What’s In A Name? A Rose…

A rose by any other name….. Maybe, maybe not.  A new French book, La Force du Nom was reviewed by Mavis Hines.  The book  sounds like a real gem – makes me wish I paid more attention in my high school French class. So, this post is taken from a review making it at least three degrees of separation from the original work.  Oh, well.

If you haven’t given much thought to the power of names, here are some fascinating facts:

1. We respond with our own name when asked “who are you?” when we are introduced and many other times. Point: When called into question about being in this world, we respond first with our own name.

2. The author calls names “our most intimate house”. We greet people from this place.

3. Other people may imagine us through our names. Just think about your image if I tell you that Gretel is joining us vs. Brittany.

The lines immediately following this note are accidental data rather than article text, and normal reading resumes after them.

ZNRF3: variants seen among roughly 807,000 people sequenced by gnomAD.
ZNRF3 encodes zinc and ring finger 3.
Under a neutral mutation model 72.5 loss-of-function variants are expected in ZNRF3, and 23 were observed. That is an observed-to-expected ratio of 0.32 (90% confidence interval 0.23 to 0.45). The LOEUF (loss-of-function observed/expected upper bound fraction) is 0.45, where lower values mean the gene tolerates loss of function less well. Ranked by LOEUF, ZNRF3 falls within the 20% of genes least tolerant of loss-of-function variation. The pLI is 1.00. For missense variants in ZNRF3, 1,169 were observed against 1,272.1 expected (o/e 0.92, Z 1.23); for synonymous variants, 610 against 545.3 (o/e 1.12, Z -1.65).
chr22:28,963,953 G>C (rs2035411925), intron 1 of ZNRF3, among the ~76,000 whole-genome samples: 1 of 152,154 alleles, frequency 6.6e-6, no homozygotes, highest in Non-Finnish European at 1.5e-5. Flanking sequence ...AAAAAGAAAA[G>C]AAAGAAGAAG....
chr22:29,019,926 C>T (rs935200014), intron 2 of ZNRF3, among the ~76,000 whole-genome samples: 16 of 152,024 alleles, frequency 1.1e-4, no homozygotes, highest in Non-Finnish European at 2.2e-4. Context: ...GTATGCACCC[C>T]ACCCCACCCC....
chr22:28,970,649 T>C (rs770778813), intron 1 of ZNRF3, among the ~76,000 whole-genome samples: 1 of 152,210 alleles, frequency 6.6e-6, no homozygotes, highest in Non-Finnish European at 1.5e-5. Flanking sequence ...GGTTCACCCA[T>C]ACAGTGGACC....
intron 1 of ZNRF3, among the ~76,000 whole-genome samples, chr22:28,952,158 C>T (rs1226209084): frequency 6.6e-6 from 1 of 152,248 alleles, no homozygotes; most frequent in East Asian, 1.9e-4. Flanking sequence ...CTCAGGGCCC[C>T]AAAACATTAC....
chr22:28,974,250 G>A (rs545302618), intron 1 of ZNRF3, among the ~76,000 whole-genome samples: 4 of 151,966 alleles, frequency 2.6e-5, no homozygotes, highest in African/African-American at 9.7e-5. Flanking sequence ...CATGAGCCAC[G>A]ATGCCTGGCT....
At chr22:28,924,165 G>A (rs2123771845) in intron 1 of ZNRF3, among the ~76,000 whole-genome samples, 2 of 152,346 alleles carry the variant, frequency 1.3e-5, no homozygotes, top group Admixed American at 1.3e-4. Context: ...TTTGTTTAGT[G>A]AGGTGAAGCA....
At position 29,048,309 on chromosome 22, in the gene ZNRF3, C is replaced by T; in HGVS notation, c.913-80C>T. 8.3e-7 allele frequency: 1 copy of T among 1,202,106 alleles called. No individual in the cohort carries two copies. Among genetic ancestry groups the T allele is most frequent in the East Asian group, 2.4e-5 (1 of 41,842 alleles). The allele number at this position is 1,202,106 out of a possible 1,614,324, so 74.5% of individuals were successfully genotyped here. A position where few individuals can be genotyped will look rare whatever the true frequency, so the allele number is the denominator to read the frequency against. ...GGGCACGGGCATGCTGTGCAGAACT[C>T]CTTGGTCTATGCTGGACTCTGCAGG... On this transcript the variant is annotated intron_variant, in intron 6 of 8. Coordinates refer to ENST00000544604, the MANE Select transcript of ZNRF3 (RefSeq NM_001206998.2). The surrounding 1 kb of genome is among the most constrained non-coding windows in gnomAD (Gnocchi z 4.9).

4. Our name testifies to a personal and collective history that includes family, religion, culture and even the popularity of a particular decade. When I hear that a woman is named Linda, I expect her to be around my age, not in her 20s, 30s, or 40s.

5. Our name may have predated our birth make it less about our uniqueness than our parent’s predilections.

6. Naming a child

my friend found a good site

is surrounded with rituals that acknowledge the significance of bestowing a name on a baby.

There is much more but I found that these ideas gave me much to think about, including the names that I gave my own children. It also makes me think even more about adopted children who are renamed, people who choose new names for themselves, women who choose to not take (or to take) their husband’s name, and the “Americanization” of names for immigrants.

Source: Spring, 2012, Division, a quarterly Psychoanalytic Forum

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